Cattle feeding situation

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Title:
Cattle feeding situation
Physical Description:
Unknown
Creator:
United States -- Bureau of Agricultural Economics
United States -- Agricultural Marketing Service
Publisher:
U.S. Dept. of Agriculture, Bureau of Agricultural Economics. ( Washington, D.C )
Publication Date:

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Rights Management:
All applicable rights reserved by the source institution and holding location.
Resource Identifier:
aleph - 029026578
oclc - 85233313
System ID:
AA00014692:00012


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..P UNITED STATES DEPARTMENT OF AGRICULTURE
.-u : &zq/? BUREAU OF AGRICULTURAL ECONOMICS
Division of Crop and Livestock Estimates
WASHINGTON
Release Thursday Noon,
October 9, 1930.

CATTLE FEEDIiG SITUATION OCTOBERl, 1.930.

The shipments of stocker and feeder cattle into the eleven Corn Belt
States during the th--ee months JulN to September this veer points to a
material reduction in the supply of grain finished cattle to be marketed
during the coming winter. The number of cattle and calves inspected
through markets for shipment into the Corn Belt for these three months this
year was about 25 ner cent smaller than for the same months last year,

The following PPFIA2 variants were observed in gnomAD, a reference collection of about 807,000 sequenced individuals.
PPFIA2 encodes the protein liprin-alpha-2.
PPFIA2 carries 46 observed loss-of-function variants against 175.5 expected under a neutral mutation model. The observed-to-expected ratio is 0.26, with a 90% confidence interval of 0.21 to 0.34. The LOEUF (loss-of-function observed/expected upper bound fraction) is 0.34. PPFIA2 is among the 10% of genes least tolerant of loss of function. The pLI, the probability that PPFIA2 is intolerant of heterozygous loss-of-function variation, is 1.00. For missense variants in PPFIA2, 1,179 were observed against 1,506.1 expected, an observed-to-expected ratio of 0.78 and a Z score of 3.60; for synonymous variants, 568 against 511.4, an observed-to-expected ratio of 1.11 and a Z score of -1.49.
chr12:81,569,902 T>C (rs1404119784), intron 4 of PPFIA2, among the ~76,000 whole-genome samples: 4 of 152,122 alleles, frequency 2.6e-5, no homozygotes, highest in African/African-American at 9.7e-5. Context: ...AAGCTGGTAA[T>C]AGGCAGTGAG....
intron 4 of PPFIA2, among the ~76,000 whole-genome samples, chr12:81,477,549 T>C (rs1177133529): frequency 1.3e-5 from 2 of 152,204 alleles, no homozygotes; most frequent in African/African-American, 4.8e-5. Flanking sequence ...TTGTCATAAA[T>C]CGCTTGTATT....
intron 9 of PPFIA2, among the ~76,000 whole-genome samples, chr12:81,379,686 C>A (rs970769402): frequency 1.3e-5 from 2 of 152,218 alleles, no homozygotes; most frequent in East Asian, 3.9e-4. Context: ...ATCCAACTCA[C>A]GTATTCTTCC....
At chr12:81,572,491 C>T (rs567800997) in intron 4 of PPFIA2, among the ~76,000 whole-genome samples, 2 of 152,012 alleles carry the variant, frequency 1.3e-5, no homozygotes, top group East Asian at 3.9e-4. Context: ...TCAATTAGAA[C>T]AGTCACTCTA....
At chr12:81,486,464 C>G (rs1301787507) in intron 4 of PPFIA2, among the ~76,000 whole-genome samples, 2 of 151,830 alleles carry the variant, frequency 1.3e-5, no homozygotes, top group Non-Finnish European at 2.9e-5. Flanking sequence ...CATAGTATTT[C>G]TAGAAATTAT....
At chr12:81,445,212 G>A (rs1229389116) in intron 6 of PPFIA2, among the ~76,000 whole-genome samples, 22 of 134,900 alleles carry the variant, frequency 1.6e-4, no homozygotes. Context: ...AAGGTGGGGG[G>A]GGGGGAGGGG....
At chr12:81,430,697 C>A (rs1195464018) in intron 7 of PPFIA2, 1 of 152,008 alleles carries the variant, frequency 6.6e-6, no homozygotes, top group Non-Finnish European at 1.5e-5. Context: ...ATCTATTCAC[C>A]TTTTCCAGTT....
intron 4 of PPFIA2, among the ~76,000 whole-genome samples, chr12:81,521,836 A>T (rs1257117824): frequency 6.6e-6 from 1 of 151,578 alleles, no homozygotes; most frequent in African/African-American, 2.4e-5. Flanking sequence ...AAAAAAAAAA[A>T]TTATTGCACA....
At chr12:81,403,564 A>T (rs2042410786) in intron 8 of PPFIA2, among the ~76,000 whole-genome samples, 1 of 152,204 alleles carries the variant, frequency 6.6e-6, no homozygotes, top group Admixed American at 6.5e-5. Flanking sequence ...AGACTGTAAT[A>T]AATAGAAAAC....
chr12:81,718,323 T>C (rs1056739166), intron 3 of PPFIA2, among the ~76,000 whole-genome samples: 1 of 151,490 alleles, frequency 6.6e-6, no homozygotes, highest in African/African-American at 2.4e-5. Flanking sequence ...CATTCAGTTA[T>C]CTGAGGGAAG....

30 per cent smaller than the 5 year average, and much the smallest in 12
years.

The shipments into all of the states in this area, except Iebraskm,
'.ere smaller this year than last, the most marked decreases being into the
states where feed production was most seriously affected by the drought.
The shipments into the states east of the Mississippi were 40 per cent
smaller than last year, while into the states west of the river they r'ere
only 16 per cent smaller.

There seems little likelihood that 'he movement of unfinished cattle
during the last three months of this vear will be much larger relatively
than during the three months July to September. Present indications are
that the shipments during the three months October to December this year
will be a considerably smaller proportion of the total shipments for the 6
months, July to December, than last year, when they were a much larger
proportion than usual of this total. If this proves to be the case the total
6 months movement this year may be nearly a third smaller than last year.

Records of the kinds and weights of stocker and feeder cattle shipped
from four leading markets show material increases this year over last in
the percentage of heavy feeders (over 1,000 lbs.) and of calves, and a
marked decrease in the percentage of cows and heifers and some decrease in
th9 percentage of yearling steers. In the case of calves the actual number
is nearly 20 per cent larger this -rear than last although the total movern.ent
of cattle and calves from the four markets was 20 per cent smaller this
year.

The decreased shipments of unfinished cattle this year are due largely
to the unfavorable feed situation in most of the leading feeding states and
also, in part, to the unprofitable returns from feeding operations during
the past 6 months. The reduction of 25 per cent in shipments of such cat-
tle this year from last has been accompanied by a decrease in price of
around 35 per cent.




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